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Morocco Emerges as Key U.S. Ally in Troubled Region

Anti-American protests that have spread across the Arab world are overshadowing Washington’s latest steps to cement its ties with one of its closest allies in the region, Morocco.
The north African kingdom is regarded by the United States and Europe as an island of stability in a sea of troubles.
Muslim demonstrators rallied Wednesday outside of the U.S. Consulate in Casablanca, Morocco’s largest city, to condemn a U.S-made video insulting Islam. But the protest was small, spontaneous and peaceful, and faced a heavy police presence, unlike the more violent outbursts of anger elsewhere in the Muslim world.
Shortly after the deaths of four members of the embassy staff in Libya, a senior Moroccan official visited the U.S. State Department to work on strategic dialogue for expanding the close and long-standing relationship.
It was an occasion for Hillary Rodham Clinton, the secretary of state, to praise Morocco as a “leader and a model” in a region where the U.S. needs a strong, reliable and influential ally.
The U.S. has had a free-trade agreement with Morocco since 2004, the same year the kingdom was named a major non-NATO ally, a designation reflecting the close ties between the two countries.
The relationship has grown in importance for Washington since the revolutions that toppled leaders elsewhere in North Africa, including Hosni Mubarak, the former leader of Egypt, a long-time U.S. ally.
King Mohammed VI of Morocco skillfully negotiated the challenges of the Arab Spring by holding a constitutional referendum on political reforms in the face of popular protests, followed by multiparty elections last November.
According to Antonin Tisseron, a security specialist at the Thomas Moore Institute, the United States’ interest in a tighter relationship with Morocco is focused on the battle against terrorism and Islamic fundamentalism.
“In the context of the assassination of the U.S. ambassador in Libya, the uncertainties about Tunisia and Egypt, and the specter of the ‘Afghanization’ of northern Mali,” he wrote this week, “the kingdom appears to be an important, if not essential partner.”
Morocco is seen as an increasingly vital bulwark against the threat of instability spreading from Mali after the northern half of the central African state fell under the control of militant, foreign-sponsored radical Islamist movements.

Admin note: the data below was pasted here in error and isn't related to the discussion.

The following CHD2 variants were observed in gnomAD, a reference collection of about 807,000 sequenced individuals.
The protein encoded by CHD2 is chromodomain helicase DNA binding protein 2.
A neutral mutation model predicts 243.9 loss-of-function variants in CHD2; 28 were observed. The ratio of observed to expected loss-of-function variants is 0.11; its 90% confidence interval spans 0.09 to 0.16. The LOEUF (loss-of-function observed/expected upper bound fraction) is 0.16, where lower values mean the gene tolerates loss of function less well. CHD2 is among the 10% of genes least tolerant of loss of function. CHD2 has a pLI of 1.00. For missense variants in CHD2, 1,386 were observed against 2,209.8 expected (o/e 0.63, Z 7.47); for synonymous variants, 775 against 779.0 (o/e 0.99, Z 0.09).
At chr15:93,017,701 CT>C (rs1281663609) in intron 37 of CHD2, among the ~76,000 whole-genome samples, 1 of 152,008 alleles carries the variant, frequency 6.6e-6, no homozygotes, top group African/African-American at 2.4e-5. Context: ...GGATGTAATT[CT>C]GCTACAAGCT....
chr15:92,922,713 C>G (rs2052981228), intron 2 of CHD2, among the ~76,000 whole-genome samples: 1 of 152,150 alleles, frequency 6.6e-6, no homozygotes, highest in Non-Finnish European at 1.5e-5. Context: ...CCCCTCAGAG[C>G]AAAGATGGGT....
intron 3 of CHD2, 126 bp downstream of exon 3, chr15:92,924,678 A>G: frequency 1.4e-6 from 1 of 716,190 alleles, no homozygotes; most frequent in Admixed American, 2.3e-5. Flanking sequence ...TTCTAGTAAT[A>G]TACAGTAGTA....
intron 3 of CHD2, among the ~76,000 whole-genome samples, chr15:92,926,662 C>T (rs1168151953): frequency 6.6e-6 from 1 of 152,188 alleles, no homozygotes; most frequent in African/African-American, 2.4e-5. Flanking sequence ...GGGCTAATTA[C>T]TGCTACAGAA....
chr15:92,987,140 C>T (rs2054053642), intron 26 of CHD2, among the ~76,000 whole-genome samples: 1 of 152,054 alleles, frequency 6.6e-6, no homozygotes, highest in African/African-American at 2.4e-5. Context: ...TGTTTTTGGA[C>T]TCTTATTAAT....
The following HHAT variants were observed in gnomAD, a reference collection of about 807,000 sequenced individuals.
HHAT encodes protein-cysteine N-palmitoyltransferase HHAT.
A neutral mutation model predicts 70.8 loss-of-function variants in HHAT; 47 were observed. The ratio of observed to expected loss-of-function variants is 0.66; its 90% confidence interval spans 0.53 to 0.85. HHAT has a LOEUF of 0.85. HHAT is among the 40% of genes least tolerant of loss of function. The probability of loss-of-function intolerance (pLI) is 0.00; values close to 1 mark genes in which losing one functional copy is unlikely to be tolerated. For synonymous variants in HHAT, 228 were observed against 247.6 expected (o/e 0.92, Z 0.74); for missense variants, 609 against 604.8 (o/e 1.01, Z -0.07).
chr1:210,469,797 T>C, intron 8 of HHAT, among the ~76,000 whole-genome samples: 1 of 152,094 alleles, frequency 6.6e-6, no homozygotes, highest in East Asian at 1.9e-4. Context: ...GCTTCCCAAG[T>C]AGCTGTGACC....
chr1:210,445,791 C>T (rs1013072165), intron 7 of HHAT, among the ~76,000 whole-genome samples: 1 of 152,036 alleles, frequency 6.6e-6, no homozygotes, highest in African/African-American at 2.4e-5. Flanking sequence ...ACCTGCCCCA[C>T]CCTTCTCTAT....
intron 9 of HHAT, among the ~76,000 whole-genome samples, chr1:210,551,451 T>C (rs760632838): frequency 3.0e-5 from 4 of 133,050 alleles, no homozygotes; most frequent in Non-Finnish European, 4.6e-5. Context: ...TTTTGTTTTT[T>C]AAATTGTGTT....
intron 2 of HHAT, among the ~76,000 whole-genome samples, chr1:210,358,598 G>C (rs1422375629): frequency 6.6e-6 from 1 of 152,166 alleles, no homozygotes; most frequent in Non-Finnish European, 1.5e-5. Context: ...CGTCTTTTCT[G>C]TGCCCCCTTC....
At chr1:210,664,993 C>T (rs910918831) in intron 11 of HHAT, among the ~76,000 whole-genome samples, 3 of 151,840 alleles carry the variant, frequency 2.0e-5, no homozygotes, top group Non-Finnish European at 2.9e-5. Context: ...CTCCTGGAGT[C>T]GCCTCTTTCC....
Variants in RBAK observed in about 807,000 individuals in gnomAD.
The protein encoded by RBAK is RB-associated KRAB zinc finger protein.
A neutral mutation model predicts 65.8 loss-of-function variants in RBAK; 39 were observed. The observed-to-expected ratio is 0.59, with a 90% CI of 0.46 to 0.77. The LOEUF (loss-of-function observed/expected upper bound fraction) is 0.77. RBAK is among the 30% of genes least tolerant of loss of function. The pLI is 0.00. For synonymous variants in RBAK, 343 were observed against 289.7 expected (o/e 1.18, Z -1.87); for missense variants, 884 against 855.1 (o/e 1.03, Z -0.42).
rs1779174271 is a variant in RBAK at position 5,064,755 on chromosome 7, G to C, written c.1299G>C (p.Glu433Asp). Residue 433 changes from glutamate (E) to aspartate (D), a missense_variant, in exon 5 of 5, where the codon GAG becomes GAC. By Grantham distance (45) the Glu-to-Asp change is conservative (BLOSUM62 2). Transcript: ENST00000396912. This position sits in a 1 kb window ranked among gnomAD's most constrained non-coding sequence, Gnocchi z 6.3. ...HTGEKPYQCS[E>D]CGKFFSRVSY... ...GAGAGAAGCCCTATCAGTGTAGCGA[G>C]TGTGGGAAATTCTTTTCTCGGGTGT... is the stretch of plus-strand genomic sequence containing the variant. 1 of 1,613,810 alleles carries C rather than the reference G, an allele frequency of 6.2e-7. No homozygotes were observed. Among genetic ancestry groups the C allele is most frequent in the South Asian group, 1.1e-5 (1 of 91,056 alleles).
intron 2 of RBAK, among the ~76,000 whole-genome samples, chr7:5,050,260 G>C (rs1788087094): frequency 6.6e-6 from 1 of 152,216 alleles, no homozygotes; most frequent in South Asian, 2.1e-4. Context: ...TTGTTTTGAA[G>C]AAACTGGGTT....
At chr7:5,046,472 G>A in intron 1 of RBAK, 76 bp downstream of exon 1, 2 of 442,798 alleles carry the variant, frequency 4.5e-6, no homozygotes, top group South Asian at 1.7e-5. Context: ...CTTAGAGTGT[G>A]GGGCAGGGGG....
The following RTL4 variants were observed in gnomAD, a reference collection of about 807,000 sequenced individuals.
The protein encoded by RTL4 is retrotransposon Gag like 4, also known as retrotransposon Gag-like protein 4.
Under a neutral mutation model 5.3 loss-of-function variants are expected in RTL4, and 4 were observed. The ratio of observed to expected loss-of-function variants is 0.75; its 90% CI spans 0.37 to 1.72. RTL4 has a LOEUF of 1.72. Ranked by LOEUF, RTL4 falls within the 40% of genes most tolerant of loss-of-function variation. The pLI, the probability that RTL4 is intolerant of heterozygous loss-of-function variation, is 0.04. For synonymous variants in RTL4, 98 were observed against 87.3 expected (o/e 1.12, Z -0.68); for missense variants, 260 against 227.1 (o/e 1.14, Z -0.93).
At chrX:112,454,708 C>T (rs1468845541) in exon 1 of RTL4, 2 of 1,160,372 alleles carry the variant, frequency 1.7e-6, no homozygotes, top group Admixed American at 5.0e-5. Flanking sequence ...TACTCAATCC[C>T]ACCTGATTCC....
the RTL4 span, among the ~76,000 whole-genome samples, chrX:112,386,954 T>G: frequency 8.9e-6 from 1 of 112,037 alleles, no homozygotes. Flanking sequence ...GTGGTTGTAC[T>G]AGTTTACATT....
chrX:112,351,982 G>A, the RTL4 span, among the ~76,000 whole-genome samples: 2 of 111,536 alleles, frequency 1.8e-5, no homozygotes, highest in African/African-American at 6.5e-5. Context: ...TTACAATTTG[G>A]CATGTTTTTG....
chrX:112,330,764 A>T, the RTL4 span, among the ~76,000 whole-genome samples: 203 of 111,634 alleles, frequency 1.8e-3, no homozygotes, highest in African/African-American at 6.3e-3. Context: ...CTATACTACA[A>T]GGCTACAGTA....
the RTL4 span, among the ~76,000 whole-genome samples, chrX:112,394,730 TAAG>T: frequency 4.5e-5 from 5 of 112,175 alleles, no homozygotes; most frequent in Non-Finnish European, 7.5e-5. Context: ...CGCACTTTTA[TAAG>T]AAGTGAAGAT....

That is coupled with a wider perceived threat posed by Al-Qaeda in the Islamic Maghreb and its north African affiliates. Europe is particularly concerned about the additional challenge posed by narcotics and people-smugglers active in the region.
One European commentator suggested this week that the impetus for closer U.S.-Moroccan ties was part of Washington’s wider strategic policy toward the Middle East.
“The U.S. wants to make its Moroccan ally the second player in the strategy it has adopted towards the Arab-Muslim geopolitical space,” wrote Pedro Canales in El Imparcial in Spain.
“The Wahhabi monarchy in Saudi Arabia and the Alawi monarchy in Morocco form the poles of support for American intervention in the ‘Arab Spring’.”
America’s ties with Morocco predate all others with the Arab world. As Mrs. Clinton recalled on Thursday, Morocco was the first country to recognize American independence in 1777. And the ambassador Chris Stevens, who was killed in the attack on the U.S. Consulate in Benghazi, “fell in love with the region” after serving as a Peace Corps volunteer in Morocco.
For the pan-African daily, Le Griot, the timing of the strategic dialogue was no accident but one that was dictated by events.
“Viewed as a pivot of stability in a troubled North Africa, Morocco is positioning itself as a central player in a renewal of America’s North African policy, one that is more inclusive and less intrusive,” it said.
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